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UC Riverside Botanist Adds Credibility to Plants in James Cameron’s “Avatar”


UC Riverside Botanist Adds Credibility to Plants in James Cameron’s “Avatar”

Jodie Holt provided botanical information for the movie and its game products

(November 24, 2009)

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Jodie Holt is a professor of plant physiology and the chair of the Department of Botany and Plant Sciences at UC Riverside.  Photo credit: UCR Strategic Communications.Enlarge

Jodie Holt is a professor of plant physiology and the chair of the Department of Botany and Plant Sciences at UC Riverside. Photo credit: UCR Strategic Communications.

RIVERSIDE, Calif. – A movie like James Cameron’s Avatar, which opens worldwide Dec. 18 and “takes us to a spectacular world beyond imagination,” pays close attention to details in creating a futuristic alien world. Light-years away from Earth in Cameron’s Avatar-world is the lush moon Pandora, whose atmosphere, though toxic to humans, supports vegetation.

To depict the vegetation accurately, the filmmakers consulted botanist Jodie Holt of the University of California, Riverside. For two years Holt served as a consultant and expert on Pandora’s vegetation and provided textual details for the game products that the film will launch. She also gave pointers to actress Sigourney Weaver, who plays a botanist in the film.

A professor of plant physiology, Holt has chaired UC Riverside’s Department of Botany and Plant Sciences since 2003. She conducts research in ecology of weedy and invasive plants to contribute to ecologically sound weed management practices.

She plans to see Avatar twice. In her first viewing, which will take place Dec. 15 at the cast and crew screening at the Grauman's Chinese Theater, Hollywood, Holt says she will surrender to the film and enjoy it. In her second viewing, though, she will look closely at the plants.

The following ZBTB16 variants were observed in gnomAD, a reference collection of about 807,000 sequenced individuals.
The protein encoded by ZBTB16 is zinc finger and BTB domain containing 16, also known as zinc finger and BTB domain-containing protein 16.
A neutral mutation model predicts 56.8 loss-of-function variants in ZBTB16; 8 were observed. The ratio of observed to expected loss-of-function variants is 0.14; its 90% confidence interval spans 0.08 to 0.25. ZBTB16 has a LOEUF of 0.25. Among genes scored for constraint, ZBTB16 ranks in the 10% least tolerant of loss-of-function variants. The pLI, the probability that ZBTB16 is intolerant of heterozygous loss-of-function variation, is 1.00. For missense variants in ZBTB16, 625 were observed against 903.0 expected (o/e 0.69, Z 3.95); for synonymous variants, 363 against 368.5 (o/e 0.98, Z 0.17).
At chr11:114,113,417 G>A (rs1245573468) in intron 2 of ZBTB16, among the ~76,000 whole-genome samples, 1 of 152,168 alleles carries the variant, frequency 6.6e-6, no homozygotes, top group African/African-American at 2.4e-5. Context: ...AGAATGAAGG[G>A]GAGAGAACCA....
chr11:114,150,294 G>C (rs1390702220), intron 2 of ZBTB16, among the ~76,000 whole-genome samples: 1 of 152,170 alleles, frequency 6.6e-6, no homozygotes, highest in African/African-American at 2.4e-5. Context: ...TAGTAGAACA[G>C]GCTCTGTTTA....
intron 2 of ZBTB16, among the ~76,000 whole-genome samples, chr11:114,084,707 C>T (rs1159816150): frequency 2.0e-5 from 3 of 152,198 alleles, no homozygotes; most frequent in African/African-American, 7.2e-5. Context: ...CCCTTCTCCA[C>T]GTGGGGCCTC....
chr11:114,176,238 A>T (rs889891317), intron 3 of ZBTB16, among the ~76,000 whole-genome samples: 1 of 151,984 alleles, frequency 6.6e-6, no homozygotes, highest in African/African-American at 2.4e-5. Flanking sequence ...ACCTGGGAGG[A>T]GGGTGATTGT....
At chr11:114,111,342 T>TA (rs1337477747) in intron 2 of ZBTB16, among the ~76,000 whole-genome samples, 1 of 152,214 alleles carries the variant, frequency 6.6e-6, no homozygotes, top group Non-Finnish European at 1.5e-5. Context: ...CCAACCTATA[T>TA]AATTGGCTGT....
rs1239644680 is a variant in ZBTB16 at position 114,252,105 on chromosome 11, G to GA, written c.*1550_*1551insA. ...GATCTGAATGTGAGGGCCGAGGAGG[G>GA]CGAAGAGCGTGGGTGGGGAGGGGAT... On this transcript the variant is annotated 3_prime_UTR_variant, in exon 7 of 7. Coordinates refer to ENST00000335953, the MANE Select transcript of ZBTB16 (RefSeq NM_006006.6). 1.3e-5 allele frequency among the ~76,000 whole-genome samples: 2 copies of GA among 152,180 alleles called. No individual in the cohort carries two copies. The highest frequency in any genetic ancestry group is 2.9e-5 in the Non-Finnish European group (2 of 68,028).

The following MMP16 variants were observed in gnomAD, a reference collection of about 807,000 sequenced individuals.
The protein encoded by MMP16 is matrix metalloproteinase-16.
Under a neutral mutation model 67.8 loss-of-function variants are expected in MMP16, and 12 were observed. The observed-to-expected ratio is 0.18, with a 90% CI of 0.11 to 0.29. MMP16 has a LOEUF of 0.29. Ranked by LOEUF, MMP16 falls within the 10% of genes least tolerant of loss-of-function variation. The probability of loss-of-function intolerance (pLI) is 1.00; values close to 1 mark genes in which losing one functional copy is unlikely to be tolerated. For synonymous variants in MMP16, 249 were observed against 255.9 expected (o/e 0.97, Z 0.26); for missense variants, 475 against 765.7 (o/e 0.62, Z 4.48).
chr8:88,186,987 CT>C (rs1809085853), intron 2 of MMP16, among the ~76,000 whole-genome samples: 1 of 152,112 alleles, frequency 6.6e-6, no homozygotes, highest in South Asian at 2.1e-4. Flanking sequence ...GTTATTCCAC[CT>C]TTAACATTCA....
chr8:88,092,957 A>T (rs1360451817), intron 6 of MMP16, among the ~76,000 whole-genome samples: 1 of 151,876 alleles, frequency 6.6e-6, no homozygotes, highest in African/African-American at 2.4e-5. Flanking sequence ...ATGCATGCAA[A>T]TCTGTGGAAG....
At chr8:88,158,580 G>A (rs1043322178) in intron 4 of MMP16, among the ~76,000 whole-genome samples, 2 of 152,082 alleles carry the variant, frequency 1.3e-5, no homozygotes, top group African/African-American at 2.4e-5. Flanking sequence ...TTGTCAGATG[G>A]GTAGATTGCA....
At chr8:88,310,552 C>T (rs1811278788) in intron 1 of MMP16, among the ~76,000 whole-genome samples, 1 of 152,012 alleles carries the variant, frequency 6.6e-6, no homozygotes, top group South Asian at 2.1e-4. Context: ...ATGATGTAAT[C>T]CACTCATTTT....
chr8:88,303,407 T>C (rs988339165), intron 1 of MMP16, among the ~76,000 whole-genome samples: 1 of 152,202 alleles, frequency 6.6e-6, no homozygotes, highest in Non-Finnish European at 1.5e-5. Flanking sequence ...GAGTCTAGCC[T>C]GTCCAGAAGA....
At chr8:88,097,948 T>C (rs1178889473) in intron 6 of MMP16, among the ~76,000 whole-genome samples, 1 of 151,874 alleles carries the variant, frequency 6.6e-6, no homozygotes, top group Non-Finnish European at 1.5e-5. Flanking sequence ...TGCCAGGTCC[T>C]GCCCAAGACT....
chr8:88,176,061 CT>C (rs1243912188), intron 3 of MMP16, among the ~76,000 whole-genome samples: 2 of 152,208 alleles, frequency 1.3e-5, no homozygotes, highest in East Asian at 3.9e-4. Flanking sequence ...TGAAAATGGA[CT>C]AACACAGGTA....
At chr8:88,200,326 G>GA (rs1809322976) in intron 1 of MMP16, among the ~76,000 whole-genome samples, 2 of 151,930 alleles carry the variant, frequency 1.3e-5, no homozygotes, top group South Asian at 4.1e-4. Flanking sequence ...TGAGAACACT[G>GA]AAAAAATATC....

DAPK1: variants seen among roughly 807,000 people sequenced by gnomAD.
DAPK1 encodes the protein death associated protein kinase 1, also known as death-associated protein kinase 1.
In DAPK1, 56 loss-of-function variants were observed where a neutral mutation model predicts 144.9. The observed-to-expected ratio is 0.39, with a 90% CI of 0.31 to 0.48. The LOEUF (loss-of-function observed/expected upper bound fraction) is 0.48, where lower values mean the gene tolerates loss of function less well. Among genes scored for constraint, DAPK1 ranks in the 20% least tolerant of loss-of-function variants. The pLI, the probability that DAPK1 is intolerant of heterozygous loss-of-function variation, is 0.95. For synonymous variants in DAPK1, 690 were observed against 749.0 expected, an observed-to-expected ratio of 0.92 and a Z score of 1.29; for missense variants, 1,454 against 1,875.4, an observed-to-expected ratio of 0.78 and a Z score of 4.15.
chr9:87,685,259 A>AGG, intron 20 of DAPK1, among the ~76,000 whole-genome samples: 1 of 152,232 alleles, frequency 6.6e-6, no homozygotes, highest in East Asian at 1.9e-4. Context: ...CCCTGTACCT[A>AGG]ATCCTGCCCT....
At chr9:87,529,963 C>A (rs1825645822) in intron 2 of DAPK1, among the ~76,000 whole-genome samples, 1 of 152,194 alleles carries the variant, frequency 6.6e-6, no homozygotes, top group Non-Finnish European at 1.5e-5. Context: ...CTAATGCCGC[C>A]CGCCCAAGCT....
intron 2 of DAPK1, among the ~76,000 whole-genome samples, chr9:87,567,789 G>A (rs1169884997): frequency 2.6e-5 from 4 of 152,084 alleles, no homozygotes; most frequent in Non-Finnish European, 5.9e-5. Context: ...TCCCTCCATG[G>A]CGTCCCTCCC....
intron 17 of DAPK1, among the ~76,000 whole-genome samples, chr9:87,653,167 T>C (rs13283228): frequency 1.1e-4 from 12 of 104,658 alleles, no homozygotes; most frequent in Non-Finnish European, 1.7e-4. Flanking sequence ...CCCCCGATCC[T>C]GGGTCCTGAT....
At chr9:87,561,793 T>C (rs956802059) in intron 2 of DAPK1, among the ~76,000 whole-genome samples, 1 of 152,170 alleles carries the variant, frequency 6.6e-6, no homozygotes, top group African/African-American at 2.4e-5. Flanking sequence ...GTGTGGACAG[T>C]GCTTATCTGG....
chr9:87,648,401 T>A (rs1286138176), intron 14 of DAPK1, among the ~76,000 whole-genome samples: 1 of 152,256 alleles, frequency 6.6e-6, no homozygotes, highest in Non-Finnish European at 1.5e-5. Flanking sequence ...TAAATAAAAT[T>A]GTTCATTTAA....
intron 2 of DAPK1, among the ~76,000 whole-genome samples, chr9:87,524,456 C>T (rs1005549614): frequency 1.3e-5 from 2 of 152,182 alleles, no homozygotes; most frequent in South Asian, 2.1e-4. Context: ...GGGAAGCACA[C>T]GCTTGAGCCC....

To watch a short video of Holt talking about her involvement with the film, click here.

Q&A with Jodie Holt:

How did your involvement with the film get its start?

It began with an unexpected phone call in 2007 to Prof. Patricia Springer, a developmental cell biologist here at UCR. The caller was looking for a field botanist, and Patricia passed along that message to me, and suggested I return the call. Thus began a two-year involvement with Avatar.

Why is it important for scientists to lend their expertise to projects like Avatar?

It seems to me that most of the people behind Avatar have backgrounds in the humanities and the arts. Director James Cameron, I learned, has a degree in physics, and many of the consultants around him are knowledgeable about physics. But for botany, Cameron needed a consultant. I enjoyed the opportunity to be the teacher, setting them straight in terms of the botany underlying the project. For me this was a good example of how the sciences and the arts work well together.

How exactly did you help out?